FOUTCH: Don, you are correct. We've allocated $725 million to our CAPEX program in 2013, which is more in line with the level we are used to. To give you some background, our 2012 program was revised up to $900 million in order to gain additional data on our primary asset in the Garden City area of the Permian basin. In 2012, we wanted to drill additional wells through the Middle and Lower Wolfcamp, as well as continue to drill and test the Cline Shale and Upper Wolfcamp. We wanted to "start the clock," so to speak, on these production profiles. Although we have one of the largest inventories of scientific data in the area through downhole cores, sidewall cores, and seismic data, the only way to get performance data is to actually drill the well and let it produce for 12 to 18 months. Now that we have a lot of the scientific drilling completed, our 2013 budget has now returned to a normal level.
So, the bulk of our 2013 CAPEX program, about 77%, is focused on drilling our Permian asset. From a drilling standpoint, we are delineating our acreage to completely identify the extent of the different zones across our position in the Garden City area.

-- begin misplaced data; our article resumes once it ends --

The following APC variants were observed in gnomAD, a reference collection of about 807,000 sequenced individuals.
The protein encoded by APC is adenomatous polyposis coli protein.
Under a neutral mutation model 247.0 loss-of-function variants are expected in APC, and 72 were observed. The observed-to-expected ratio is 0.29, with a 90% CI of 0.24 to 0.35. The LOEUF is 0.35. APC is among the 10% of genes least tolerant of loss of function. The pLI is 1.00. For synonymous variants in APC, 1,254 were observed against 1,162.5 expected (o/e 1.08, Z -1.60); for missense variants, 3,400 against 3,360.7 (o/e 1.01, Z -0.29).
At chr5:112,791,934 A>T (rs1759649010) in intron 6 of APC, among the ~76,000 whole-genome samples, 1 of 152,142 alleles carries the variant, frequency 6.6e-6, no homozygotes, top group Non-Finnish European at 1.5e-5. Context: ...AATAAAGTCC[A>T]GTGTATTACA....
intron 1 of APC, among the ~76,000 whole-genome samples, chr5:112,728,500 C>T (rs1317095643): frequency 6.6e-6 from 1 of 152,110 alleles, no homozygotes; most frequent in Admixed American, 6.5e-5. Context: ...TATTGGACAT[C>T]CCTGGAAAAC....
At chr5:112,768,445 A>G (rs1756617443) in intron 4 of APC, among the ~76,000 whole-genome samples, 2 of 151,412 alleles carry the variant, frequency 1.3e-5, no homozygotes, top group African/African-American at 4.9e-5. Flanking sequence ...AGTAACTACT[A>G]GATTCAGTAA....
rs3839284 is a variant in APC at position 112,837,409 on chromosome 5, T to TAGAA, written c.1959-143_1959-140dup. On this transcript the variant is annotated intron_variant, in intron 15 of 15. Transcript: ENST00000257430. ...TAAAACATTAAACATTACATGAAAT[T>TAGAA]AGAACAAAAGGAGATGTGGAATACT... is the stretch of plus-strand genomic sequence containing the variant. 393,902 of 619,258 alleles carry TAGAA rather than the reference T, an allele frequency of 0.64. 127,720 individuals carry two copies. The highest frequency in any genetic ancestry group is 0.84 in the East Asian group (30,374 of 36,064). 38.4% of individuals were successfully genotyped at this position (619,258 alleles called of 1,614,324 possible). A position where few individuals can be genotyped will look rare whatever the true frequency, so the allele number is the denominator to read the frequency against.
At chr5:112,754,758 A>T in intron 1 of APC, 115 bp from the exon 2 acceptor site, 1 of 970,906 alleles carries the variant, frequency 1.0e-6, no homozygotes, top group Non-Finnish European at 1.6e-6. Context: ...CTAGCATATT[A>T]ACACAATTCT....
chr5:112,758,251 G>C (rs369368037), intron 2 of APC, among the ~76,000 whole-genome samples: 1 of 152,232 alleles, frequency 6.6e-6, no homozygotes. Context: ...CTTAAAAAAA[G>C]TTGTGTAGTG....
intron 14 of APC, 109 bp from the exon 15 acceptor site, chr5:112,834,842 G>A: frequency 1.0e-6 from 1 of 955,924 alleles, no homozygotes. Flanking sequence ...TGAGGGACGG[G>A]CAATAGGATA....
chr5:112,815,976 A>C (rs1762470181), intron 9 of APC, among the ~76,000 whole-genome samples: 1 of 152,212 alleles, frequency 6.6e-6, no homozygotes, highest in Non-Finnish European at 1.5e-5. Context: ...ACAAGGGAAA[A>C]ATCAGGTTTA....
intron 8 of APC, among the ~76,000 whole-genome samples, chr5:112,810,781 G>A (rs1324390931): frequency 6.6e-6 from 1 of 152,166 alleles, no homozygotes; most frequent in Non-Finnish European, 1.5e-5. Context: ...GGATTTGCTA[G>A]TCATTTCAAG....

In addition to delineation, we will continue development drilling across the Permian. Keep in mind though, it's not developmental drilling in the traditional sense of the word. It is more exploitation drilling. We have not begun a full-scale development program of our acreage. In order to do that, we need to understand the entire acreage position better. The better we understand the position, the more efficient we can deploy capital to fully develop our asset.
From a funding standpoint, we want to demonstrate that we can fund a larger and larger portion of our capital expenditure program on an annual basis from internal sources. But we do anticipate that we will outspend cash flow since we are in the early stages of developing infrastructure and building out our well inventory. The outspend percent of our total capital program, however, will continue to decrease.
At this point, we do not believe we are capital constrained. We are really data constrained. We are very deliberate in our approach to not outrun our data. And of course, about 5% to 10% of our overall capital program will be used on new opportunities and testing new ideas.
OGFJ: What type of production growth are you guiding for 2013?
FOUTCH: With a strong focus on the Permian basin, we believe we will be able to grow our oil production about 25% on a year-over-year basis, which will result in total production growth of about 15% for the year.
OGFJ: What does your company's 2013 hedging program look like?
FOUTCH: Hedging is something we look at on a regular basis. While we are not very good at predicting commodity prices, we are quite good at finding oil and gas and then developing it at a very cost-effective value. What we want to do is ensure that we're going to be able to fund a reasonable capital program to exploit our assets. We want to make sure that we can pay our employees, keep the lights on, and cover the interest on our debt-service costs.